How Architect Edmund Ng Designs Dream Homes With A Tropical Flair
While most kids would have been content to occasionally fiddle with their Lego sets as they rotated through their assortment of playthings, the miniature bricks served as a career catalyst for a young Edmund Ng. “Before (the video game) SimCity, where anyone can create their own virtual world, I grew up playing with Lego,” reveals the award-winning architect. “It sparked a desire to create my own architectural spaces and microenvironments.”
Ng’s budding love for building things would continue to blossom as he travelled the world with his family as a child. He was struck by the ancient churches, temples and houses he saw, which set his feet firmly on the path to a career in architecture and motivates him even now. “Travelling is my greatest inspiration,” he declares. “I enjoy exploring (historical) sites as I can learn from the principles of history and apply them to my own, more modern designs.”
When he isn’t whipping up culinary delicacies or indulging his passion for art, Ng keeps busy running his eponymous firm Edmund Ng Architects, which services residential and corporate clients across Asia with the help of 12 staff members. “We are guided by innovation, and often take the path less travelled even though it requires lots of research, testing and failure,” he says of his practice. “I put my name on the firm not out of ego, but to be held responsible for each and every project.”
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The building blocks of Ng’s success are grounded in a thoughtful amalgamation of user requirements, materiality and technology; a triumvirate of elements that “any good design can harness”, he says. Besides, as impressed as he was by the ornate structures of his holidays, Ng’s design language is bound to time and context.
“In Singapore, I will not design a classical house featuring ornate decorations and gargoyles as it does not suit the design language of this country,” he says. “Rather, I create projects with a design language which is relevant to modern Singapore, such as contemporary tropical houses.”
The application of these principles has resulted in various memorable projects featuring Ng’s signature modernist, clean-lined aesthetic. Be it the elegant villas of the Montigo Resorts Nongsa in Batam, an art-filled Marina One Residences show apartment that channels the Jazz age, or a cosmopolitan Ritz-Carlton Residences unit that elevates its neutral palette with exquisite panelling and specially curated decorative pieces, Ng’s firm has crafted minimalist yet impactful projects that resonate with homeowners and developers alike.
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Of the over a hundred projects he has worked on to date—sometimes juggling up to twenty-five projects simultaneously—there are undoubtedly some that Ng holds especially close to his heart. One of these is The Arris condominium in Tanjong Pagar, his very first project after leaving architecture school.
Ng also names One Rosyth, as it marked the beginnings of his eponymous practice and was “the first project where I had full control”, as well as his personal abode as being especially memorable. One Rosyth, a 17-unit condominium in Yio Chu Kang Road completed in 2011, features a stunning facade clad entirely in perforated panels that create an otherworldly, hologram-like effect as the sun casts shadows on them throughout the day.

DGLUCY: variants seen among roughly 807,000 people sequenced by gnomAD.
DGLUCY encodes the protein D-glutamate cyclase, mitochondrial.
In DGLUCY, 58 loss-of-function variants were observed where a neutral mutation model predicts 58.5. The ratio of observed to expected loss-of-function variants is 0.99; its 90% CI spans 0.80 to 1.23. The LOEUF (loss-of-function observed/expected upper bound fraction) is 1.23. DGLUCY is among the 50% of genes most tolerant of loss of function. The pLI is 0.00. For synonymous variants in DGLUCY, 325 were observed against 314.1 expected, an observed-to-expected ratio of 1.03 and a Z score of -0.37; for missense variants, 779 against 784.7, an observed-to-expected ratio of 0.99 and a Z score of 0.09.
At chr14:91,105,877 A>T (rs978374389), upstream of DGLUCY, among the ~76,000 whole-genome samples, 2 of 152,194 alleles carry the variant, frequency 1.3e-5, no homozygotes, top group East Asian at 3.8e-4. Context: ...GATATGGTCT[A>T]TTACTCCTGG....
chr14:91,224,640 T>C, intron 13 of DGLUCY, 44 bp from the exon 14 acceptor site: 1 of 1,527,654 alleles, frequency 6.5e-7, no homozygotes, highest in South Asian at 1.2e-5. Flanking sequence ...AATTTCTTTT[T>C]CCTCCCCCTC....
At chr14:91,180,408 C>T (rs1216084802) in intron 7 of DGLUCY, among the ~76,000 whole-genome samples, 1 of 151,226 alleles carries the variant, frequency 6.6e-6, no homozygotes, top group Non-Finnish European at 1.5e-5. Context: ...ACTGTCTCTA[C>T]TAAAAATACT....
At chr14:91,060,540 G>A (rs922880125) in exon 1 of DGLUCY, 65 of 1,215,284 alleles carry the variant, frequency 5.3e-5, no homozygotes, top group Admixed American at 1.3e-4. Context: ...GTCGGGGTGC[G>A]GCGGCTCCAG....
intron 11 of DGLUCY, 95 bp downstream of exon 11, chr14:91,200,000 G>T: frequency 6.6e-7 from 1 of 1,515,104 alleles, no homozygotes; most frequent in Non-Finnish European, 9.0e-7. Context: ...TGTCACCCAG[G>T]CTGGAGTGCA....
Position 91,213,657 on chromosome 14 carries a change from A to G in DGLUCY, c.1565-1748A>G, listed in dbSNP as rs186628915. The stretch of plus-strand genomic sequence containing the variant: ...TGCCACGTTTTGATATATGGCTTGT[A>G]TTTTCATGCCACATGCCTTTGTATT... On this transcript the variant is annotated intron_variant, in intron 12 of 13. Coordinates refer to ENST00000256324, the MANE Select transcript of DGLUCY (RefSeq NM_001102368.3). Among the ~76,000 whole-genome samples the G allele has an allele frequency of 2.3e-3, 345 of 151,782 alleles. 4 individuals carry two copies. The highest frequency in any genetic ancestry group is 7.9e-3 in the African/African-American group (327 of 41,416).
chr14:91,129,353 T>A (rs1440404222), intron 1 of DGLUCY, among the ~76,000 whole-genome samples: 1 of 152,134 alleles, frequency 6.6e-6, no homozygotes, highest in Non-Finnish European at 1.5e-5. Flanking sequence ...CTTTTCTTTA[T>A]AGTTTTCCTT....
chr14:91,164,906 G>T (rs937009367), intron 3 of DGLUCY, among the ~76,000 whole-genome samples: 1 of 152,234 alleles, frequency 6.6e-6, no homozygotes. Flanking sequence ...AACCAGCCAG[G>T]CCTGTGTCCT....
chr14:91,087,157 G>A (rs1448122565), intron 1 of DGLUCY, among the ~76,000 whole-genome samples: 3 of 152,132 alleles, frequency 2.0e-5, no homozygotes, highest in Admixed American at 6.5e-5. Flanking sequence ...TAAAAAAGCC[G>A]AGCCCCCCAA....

I create projects with a design language which is relevant to modern Singapore, such as contemporary tropical houses.
— Edmund Ng, founder of Edmund Ng Architects
Ng’s bungalow home was envisioned as a unique work of art dedicated to his wife, gallerist Jazz Chong; the abode clinched the Best Architectural Design accolade at A Celebration of Design, the first edition of Tatler Design Awards in 2017. The basement houses Chong’s extensive collection of paintings and sculptures, while throughout the home, fair-faced concrete walls act as a canvas for artwork.
Other highlights include a voluminous dining room with a light wood floor, black metal overlays and a dramatic LED candle chandelier, a unique staircase with floating concrete slabs, and a painting of Chong that hangs above the bathtub, which Ng calls “his own Mona Lisa”. “Not only is it my matrimonial home, I designed it for my wife, incorporating elements from both of us,” he says. “It holds much emotional value for me.”
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Although the ongoing pandemic has presented challenges to the way Ng works, it has also thrown up opportunities. While it can be difficult to communicate design concepts to clients remotely via a screen, the outbreak has also opened up the possibility of collaborating with potential partners from all over the world.
“Instead of flying out to present design ideas to clients, presentations over Zoom are now acceptable, cutting down on the time it takes to get projects approved,” he says.
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On its part, Edmund Ng Architects is continuing to forge a path forward regardless of global circumstances. The firm is currently working on commissions to design several Good Class Bungalows in Singapore, and also crafting resorts in the Himalayas, Lumbini in Nepal, and Sikkim in India—the latter notably involves the conservation of an ancient grotto that was used by Japanese monks plying the route to receive Buddhist scriptures. Ng also hopes to eventually expand his company’s footprint by landing more projects outside Asia.
Despite the murky international outlook, Ng’s future looks shot through with no small number of silver linings. “I believe we will be remembered by the last project we have accomplished, hence, every project I have embarked on has been a career highlight and inspired me to greater heights,” he smiles.